The argument for building a custom website has become increasingly hard to make, given the ever-expanding flexibility and functionality of WordPress. Now, for a software company or a company whose product itself is a website with unique functionality, then building a custom website may still be the easier and more cost-effective way to approach the project. For any business which does not fall into that category, WordPress almost certainly saves substantial time and money. Additionally, each plug-in can be easily managed through the WordPress dashboard, the ease of which cannot be understated. Blogging with WordPress requires little elaboration, but here are some notable functions that have become very simple and effective:
- E-Commerce - To call the ecosystem of plug-ins available robust would be an understatement. Many options exist, free and otherwise, which simplify the creation and customization of an online store. Virtually any method of payment can be utilized. Robust shopping cart functions, such as inventory control, shipping, trends, and other analytics, are now accessible via plug-ins. We’ve been using Woocommerce and are quite happy with it.
- User/Account Management - Plug-ins now exist to define and control different levels of access, both for customers and employees, on almost any level one might require.
- Forums - Creating and maintaining a fully functional forum on one’s website has also become incredibly simple and efficient, using plug-ins such as BBPress.
- WordPress Multi - A little known fact is the ability to run and manage multiple WordPress blogs from a single instance of WordPress.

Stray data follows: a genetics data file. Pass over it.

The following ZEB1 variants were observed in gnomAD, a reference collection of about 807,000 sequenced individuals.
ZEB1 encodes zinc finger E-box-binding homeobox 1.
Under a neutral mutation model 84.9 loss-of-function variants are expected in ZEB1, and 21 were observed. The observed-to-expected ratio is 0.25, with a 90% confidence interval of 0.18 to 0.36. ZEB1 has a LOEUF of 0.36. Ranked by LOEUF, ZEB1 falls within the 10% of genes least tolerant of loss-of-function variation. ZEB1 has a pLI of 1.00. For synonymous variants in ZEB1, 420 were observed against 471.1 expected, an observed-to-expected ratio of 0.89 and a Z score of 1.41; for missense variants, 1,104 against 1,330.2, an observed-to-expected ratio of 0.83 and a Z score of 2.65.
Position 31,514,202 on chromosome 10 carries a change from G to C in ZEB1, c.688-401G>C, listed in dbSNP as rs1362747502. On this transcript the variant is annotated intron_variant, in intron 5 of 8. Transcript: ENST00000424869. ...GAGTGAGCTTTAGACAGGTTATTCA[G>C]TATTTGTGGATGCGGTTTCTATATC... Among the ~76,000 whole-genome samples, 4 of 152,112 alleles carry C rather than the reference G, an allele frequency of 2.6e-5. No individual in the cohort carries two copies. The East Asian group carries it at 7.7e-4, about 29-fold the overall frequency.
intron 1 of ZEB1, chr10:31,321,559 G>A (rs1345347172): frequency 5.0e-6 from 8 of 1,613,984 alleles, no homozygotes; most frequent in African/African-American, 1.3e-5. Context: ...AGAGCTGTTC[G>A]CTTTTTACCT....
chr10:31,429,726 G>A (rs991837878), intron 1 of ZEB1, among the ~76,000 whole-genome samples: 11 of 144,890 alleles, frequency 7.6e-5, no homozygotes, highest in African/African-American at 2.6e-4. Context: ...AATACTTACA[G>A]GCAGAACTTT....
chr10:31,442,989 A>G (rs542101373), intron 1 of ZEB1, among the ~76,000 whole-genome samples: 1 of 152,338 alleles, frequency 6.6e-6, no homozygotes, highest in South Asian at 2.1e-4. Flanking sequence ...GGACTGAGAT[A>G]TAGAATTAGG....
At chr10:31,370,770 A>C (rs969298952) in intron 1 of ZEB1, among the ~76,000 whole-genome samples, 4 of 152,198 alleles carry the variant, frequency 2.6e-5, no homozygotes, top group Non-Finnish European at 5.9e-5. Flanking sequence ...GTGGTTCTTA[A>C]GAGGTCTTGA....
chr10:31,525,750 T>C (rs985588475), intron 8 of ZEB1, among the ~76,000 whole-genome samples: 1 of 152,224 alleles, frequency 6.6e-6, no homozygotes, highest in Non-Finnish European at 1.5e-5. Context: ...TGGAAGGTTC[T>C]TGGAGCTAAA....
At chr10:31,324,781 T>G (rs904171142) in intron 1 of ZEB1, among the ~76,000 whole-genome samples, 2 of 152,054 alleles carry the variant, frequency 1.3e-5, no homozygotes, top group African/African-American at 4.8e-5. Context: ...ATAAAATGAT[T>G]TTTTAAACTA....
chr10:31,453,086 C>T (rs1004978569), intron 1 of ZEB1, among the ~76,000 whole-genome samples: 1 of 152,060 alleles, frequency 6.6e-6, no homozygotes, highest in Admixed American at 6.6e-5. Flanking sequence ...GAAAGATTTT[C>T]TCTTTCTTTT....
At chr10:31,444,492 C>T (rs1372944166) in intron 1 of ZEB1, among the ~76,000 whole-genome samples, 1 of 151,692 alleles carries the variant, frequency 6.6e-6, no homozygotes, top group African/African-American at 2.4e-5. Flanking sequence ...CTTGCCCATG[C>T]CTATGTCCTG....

- Ease of caching and high-availability - Tools such as Batcache and W3 Total Cache have made scaling WordPress a cinch.
- A vast plugin ecosystem - Many plug-ins even allow a user to post simultaneously to different places, such as social networks, when publishing a blog post. Or create your own social network with BuddyPress.
If all of these functions were to be custom coded, the cost could be astronomical. Additionally, everything is managed through the dashboard, rendering it unnecessary to log-in to multiple different portals to access each piece of the website. This allows resources to concentrate their time on what makes the business money. The capital which would have gone to custom coding (not to mention updating) all of this infrastructure can be spent on promoting the front end of the business.
We have worked with many Bitlancer customers recently on high-traffic WordPress installs. Stay tuned for a high-tech, descriptive post on steps we took to scale those customers in a public cloud environment with multiple webservers, database servers, and a memory-based caching implementation.